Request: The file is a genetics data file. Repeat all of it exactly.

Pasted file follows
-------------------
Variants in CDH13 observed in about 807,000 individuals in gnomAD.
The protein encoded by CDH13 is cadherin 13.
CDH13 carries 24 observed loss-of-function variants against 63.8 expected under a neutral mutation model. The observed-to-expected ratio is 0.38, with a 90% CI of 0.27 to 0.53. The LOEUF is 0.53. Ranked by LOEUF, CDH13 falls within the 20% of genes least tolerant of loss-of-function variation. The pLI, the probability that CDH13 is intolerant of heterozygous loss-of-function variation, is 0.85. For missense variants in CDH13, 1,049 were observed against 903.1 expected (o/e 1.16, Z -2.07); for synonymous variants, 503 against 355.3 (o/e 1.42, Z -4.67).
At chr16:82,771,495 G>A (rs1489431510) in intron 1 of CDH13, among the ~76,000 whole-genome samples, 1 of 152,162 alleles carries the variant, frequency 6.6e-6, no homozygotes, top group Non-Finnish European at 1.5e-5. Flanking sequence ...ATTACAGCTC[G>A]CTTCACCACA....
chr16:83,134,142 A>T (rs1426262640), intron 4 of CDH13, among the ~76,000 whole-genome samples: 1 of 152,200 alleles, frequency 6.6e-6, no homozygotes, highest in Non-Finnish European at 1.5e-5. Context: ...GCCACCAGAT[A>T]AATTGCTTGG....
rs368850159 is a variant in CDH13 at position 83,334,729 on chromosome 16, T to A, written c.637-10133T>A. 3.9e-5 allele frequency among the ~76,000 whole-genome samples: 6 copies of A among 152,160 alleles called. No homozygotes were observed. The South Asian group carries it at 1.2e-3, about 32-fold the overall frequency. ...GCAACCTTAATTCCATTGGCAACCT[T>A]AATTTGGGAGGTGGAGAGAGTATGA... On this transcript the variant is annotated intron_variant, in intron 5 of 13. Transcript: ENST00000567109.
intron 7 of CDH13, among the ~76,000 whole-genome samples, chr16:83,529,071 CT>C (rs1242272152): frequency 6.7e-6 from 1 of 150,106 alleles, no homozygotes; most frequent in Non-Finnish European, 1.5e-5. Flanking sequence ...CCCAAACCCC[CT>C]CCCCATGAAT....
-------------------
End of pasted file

Variants in CDH13 observed in about 807,000 individuals in gnomAD.
The protein encoded by CDH13 is cadherin 13.
CDH13 carries 24 observed loss-of-function variants against 63.8 expected under a neutral mutation model. The observed-to-expected ratio is 0.38, with a 90% CI of 0.27 to 0.53. The LOEUF is 0.53. Ranked by LOEUF, CDH13 falls within the 20% of genes least tolerant of loss-of-function variation. The pLI, the probability that CDH13 is intolerant of heterozygous loss-of-function variation, is 0.85. For missense variants in CDH13, 1,049 were observed against 903.1 expected (o/e 1.16, Z -2.07); for synonymous variants, 503 against 355.3 (o/e 1.42, Z -4.67).
At chr16:82,771,495 G>A (rs1489431510) in intron 1 of CDH13, among the ~76,000 whole-genome samples, 1 of 152,162 alleles carries the variant, frequency 6.6e-6, no homozygotes, top group Non-Finnish European at 1.5e-5. Flanking sequence ...ATTACAGCTC[G>A]CTTCACCACA....
chr16:83,134,142 A>T (rs1426262640), intron 4 of CDH13, among the ~76,000 whole-genome samples: 1 of 152,200 alleles, frequency 6.6e-6, no homozygotes, highest in Non-Finnish European at 1.5e-5. Context: ...GCCACCAGAT[A>T]AATTGCTTGG....
rs368850159 is a variant in CDH13 at position 83,334,729 on chromosome 16, T to A, written c.637-10133T>A. 3.9e-5 allele frequency among the ~76,000 whole-genome samples: 6 copies of A among 152,160 alleles called. No homozygotes were observed. The South Asian group carries it at 1.2e-3, about 32-fold the overall frequency. ...GCAACCTTAATTCCATTGGCAACCT[T>A]AATTTGGGAGGTGGAGAGAGTATGA... On this transcript the variant is annotated intron_variant, in intron 5 of 13. Transcript: ENST00000567109.
intron 7 of CDH13, among the ~76,000 whole-genome samples, chr16:83,529,071 CT>C (rs1242272152): frequency 6.7e-6 from 1 of 150,106 alleles, no homozygotes; most frequent in Non-Finnish European, 1.5e-5. Flanking sequence ...CCCAAACCCC[CT>C]CCCCATGAAT....